Entire family units died because the collapse happened in the middle of the night, when people were sleeping. The parents and children killed in Unit 802, for example, were Marcus Joseph Guara, 52, a fan of the rock band Kiss and the University of Miami Hurricanes; Anaely Rodriguez, 42, who embraced tango and salsa dancing; Lucia Guara, 11, who found astronomy and outer space fascinating; and Emma Guara, 4, who loved the world of princesses. A floor-by-floor look at the victims shows the extent of the devastation.

A 15-year-old boy and his mother were rescued from the rubble shortly after the building fell. She died in a hospital, however, and no more survivors were found during two weeks of a search-and-rescue mission. There had been hope that demolishing the remaining structure would allow rescuers to safely explore voids where someone could possibly have survived. But only bodies were found. There were 94 confirmed victims through July 12.

Officers give special care to religious artifacts, often identified by a rotating crew of rabbis working side-by-side with the police in the sorting tent. Torahs, menorahs, mezuzas — the rabbis are on the lookout for anything that might be of holy significance to the many Jewish families who lived in Champlain Towers. Bibles have also been found, Sergeant Murillo said.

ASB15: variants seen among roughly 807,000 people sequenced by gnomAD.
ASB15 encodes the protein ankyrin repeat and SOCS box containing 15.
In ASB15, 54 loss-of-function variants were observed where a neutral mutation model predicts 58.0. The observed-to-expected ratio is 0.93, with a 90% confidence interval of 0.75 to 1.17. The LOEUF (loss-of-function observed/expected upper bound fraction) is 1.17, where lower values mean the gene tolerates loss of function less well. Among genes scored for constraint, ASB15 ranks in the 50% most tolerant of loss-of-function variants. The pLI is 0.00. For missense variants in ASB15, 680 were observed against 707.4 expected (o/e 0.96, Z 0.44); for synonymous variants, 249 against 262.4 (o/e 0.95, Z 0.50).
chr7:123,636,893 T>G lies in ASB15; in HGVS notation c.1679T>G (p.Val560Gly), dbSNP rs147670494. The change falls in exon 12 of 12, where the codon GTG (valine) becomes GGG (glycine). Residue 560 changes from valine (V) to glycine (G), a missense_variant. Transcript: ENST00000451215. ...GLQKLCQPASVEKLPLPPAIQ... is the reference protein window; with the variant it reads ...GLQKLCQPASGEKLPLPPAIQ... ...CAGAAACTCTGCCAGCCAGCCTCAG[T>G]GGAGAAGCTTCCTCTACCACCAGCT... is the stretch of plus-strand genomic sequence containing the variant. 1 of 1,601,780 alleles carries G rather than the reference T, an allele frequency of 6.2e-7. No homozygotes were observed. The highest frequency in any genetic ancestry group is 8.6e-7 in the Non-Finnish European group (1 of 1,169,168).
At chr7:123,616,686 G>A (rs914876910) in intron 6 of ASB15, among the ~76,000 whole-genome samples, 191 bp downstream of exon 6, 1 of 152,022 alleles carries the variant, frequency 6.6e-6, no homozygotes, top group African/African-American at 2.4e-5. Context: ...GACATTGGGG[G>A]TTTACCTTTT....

But getting any of that to the people so desperately longing to be reunited with what might be left of their crushed homes or their lost loved ones’ possessions seems likely to take a while. Survivors know they will have to be patient.

Mr. Candiotti, who had bought Unit 407 just 16 months ago, kept his coin collection in a safe, along with his passport and other important documents. Coins appealed to him because they felt like something of real value (“I don’t trust the bank,” he said.) His grandmother taught him about coins when he was a boy.

“She always put gold coins and valuable things in her bra. Her bra!” he recalled with a chuckle. “That was her bank.”

The portrait of his mother hung in the living room and had a “beautiful story,” he said. He used to own an electronics store in South Beach and kept a photo of his mother by the cash register. One day, a man walked in asking for work. When the man told Mr. Candiotti that he was a painter, Mr. Candiotti bought him a canvas and commissioned a painting of the photograph. He liked it so much he paid the man $500 and has cherished the piece ever since.

“Somebody told me if I find a photo of it on the computer, they could remake it,” Mr. Candiotti said. “But I’ll have to see.”

“Everything was destroyed,” he said. “When that floor shook, I didn’t think about anything. I just thought about my life.”

Leave a Reply